A situation emerged at a delicate time last year.
A community member was accused of making a racist remark on their personal Facebook page.
The accuser demanded they be banned from the community. When the community manager didn’t immediately do this, they published a tweet that included the alleged quote, @mentioned several prominent members of the black community, and demanded the member be removed. This was retweeted a couple of times and the brand’s CEO’s email was shared around to write emails too. This creates internal pressure to remove the member and follow up with a statement that ‘racism will not be tolerated here’.
I recommended not removing the member because she hadn’t broken the community’s rules. This was supported by two factors:
1) There was no proof to support the allegation (no screenshots or other witnesses to corroborate the claim).
2) It happened outside of the community and thus isn’t covered by the rules of the community
(the member quit the community before the ultimate decision was reached).
If you decide to remove a member based upon an accusation alone, you’re opening a pandora’s box of accusations and counter-accusations which will be impossible to police. Worse yet, it encourages snooping on private social media accounts of other members looking for anything which could be interpreted negatively.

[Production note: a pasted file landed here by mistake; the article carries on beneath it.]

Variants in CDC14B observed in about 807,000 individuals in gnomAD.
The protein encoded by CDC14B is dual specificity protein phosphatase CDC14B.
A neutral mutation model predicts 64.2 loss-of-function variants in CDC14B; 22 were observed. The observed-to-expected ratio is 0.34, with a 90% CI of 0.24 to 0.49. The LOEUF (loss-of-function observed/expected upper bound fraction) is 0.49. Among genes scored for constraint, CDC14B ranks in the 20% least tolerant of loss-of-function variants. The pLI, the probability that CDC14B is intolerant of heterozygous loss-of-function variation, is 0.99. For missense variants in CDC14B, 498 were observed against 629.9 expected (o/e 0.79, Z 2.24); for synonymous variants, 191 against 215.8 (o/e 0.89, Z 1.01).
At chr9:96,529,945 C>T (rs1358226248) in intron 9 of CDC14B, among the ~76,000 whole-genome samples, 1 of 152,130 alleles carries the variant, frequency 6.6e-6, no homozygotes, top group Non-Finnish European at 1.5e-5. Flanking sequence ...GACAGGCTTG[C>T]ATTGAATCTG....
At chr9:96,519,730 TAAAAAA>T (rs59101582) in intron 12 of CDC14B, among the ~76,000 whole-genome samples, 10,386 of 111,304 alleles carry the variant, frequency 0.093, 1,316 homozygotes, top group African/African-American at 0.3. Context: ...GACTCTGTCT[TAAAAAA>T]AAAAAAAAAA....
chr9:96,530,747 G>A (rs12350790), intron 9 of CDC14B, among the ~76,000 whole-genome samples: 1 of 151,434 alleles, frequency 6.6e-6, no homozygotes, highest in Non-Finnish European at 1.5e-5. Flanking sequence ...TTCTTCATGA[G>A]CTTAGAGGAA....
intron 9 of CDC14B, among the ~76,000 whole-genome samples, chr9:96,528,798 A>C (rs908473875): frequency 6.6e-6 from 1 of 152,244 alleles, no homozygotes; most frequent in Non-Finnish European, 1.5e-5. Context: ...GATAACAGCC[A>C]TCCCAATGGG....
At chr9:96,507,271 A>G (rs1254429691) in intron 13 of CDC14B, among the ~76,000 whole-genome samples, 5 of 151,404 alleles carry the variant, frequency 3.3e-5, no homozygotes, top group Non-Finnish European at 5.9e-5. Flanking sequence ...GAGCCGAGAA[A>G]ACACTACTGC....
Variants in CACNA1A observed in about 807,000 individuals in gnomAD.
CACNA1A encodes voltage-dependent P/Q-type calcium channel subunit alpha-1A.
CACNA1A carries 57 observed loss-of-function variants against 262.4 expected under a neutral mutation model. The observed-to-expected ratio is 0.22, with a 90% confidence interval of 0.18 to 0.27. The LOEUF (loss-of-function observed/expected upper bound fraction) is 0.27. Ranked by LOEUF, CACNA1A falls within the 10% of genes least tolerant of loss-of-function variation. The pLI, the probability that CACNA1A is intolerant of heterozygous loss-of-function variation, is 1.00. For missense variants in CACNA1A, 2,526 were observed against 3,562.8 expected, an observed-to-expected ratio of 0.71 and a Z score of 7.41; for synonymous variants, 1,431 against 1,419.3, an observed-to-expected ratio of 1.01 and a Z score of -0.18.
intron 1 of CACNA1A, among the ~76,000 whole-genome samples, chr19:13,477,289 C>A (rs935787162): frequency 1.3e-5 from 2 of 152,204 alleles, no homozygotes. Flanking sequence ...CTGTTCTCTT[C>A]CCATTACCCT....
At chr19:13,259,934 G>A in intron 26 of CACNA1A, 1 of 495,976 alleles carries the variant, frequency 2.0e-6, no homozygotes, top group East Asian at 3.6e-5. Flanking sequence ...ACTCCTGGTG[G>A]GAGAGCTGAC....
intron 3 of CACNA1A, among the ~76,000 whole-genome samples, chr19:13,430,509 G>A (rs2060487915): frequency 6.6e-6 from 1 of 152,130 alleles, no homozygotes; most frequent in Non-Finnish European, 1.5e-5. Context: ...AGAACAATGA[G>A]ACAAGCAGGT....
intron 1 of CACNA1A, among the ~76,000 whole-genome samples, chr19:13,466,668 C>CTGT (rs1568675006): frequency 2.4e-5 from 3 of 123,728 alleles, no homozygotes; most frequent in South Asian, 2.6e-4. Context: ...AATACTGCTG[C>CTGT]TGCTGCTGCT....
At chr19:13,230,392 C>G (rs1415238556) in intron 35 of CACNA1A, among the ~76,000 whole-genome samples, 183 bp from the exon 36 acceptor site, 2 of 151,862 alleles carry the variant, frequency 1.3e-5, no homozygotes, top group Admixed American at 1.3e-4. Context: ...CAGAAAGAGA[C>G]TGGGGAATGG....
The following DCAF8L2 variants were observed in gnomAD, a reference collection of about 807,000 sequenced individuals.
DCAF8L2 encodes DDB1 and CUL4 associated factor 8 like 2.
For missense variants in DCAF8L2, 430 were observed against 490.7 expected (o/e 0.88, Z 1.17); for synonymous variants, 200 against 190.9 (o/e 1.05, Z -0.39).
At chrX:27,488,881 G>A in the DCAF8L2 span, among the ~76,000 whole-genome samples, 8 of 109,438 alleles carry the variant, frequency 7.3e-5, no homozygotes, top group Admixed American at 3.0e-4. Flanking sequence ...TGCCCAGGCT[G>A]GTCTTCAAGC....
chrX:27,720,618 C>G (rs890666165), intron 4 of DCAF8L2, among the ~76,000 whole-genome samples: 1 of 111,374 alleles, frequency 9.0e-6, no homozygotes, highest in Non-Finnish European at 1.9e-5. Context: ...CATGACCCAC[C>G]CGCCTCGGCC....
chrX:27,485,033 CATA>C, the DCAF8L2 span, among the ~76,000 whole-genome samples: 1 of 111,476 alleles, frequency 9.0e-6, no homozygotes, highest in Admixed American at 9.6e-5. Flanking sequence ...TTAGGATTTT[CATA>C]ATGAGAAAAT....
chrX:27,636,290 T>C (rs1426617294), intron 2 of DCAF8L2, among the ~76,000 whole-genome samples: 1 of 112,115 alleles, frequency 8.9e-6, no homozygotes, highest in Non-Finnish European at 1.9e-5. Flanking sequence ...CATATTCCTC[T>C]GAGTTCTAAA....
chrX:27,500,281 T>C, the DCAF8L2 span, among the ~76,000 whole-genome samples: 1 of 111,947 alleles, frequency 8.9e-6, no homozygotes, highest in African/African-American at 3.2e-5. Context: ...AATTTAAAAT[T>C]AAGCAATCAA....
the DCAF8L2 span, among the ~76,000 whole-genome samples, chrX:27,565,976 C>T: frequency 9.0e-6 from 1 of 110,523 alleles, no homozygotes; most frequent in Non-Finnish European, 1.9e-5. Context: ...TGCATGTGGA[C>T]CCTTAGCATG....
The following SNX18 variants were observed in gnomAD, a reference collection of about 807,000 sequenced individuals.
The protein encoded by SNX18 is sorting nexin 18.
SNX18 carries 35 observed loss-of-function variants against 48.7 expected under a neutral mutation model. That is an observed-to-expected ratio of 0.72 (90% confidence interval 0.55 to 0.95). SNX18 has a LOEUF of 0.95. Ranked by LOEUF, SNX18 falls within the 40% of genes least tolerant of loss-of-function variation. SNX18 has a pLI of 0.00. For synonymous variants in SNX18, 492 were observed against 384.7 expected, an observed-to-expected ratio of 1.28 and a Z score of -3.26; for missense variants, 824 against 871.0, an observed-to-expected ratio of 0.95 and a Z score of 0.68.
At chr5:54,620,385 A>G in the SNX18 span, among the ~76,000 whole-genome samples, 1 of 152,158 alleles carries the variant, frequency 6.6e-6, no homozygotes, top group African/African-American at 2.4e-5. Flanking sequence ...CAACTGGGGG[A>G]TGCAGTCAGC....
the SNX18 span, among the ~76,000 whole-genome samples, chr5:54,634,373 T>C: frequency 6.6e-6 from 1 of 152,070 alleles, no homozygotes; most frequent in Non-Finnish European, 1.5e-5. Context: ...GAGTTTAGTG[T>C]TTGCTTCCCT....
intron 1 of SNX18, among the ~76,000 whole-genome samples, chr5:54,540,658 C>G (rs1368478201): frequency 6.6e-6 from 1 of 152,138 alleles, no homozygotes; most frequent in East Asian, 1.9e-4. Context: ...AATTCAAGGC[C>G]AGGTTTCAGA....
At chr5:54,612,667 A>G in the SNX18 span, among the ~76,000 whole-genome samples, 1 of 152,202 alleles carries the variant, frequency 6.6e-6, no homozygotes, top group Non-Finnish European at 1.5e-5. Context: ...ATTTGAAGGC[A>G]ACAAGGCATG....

Yet, this also highlights a problem in the future. If a member was clearly expressing racist remarks in a visible channel (whether it happened in this instance or not) it would be asking for trouble by allowing them to continue to engage within the community.
So we decided to update the rules. The new rule was simple enough to understand.
It read (paraphrased): If there is clear evidence a member is found to have engaged in speech or activities which are intentionally and unequivocally hateful either inside or outside of the community, the member will be suspended from the community pending a full evaluation of evidence.
For reasons which belong in another post, the terms ‘clear evidence’, ‘intentional’, ‘unequivocal’ are pretty important there. Likewise is the process (suspension pending evaluation of evidence).
A few final thoughts about the issue.
1) There should be no exceptions to your rules. Either you update the rules or you have nothing to enforce. When you make exceptions you’re inviting far worse problems later.
2) Rules are there to protect members, not punish members. Members might not like a failure to remove a member in the incident above, but the same rationale for not removing the member is also the rationale that protects them too.
3) If you bend the rules to public pressure, you’re no longer in charge. If you do what the mob tells you, you have mob rule (aside, it often takes far more courage not to remove someone than remove someone).
So, either update the rules or enforce what you have. No exceptions.